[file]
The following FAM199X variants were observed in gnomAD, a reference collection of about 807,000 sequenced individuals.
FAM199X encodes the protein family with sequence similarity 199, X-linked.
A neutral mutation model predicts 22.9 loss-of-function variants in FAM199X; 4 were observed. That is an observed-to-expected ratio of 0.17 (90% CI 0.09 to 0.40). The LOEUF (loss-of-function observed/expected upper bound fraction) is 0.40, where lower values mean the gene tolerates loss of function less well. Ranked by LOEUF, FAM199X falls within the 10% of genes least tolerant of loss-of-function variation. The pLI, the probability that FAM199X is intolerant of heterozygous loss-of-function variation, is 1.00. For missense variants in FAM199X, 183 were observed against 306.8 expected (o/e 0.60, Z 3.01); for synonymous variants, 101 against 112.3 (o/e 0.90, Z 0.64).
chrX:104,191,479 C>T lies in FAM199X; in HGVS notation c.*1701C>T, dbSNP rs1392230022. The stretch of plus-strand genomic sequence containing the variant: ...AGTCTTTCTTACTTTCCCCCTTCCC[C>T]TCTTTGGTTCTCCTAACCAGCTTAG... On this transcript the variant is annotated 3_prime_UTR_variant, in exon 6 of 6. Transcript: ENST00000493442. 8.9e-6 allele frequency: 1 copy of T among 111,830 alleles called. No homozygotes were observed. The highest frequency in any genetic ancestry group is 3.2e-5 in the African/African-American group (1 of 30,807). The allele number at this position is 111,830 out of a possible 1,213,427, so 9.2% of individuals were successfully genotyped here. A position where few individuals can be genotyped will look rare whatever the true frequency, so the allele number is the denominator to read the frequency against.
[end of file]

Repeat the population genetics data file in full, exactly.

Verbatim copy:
The following FAM199X variants were observed in gnomAD, a reference collection of about 807,000 sequenced individuals.
FAM199X encodes the protein family with sequence similarity 199, X-linked.
A neutral mutation model predicts 22.9 loss-of-function variants in FAM199X; 4 were observed. That is an observed-to-expected ratio of 0.17 (90% CI 0.09 to 0.40). The LOEUF (loss-of-function observed/expected upper bound fraction) is 0.40, where lower values mean the gene tolerates loss of function less well. Ranked by LOEUF, FAM199X falls within the 10% of genes least tolerant of loss-of-function variation. The pLI, the probability that FAM199X is intolerant of heterozygous loss-of-function variation, is 1.00. For missense variants in FAM199X, 183 were observed against 306.8 expected (o/e 0.60, Z 3.01); for synonymous variants, 101 against 112.3 (o/e 0.90, Z 0.64).
chrX:104,191,479 C>T lies in FAM199X; in HGVS notation c.*1701C>T, dbSNP rs1392230022. The stretch of plus-strand genomic sequence containing the variant: ...AGTCTTTCTTACTTTCCCCCTTCCC[C>T]TCTTTGGTTCTCCTAACCAGCTTAG... On this transcript the variant is annotated 3_prime_UTR_variant, in exon 6 of 6. Transcript: ENST00000493442. 8.9e-6 allele frequency: 1 copy of T among 111,830 alleles called. No homozygotes were observed. The highest frequency in any genetic ancestry group is 3.2e-5 in the African/African-American group (1 of 30,807). The allele number at this position is 111,830 out of a possible 1,213,427, so 9.2% of individuals were successfully genotyped here. A position where few individuals can be genotyped will look rare whatever the true frequency, so the allele number is the denominator to read the frequency against.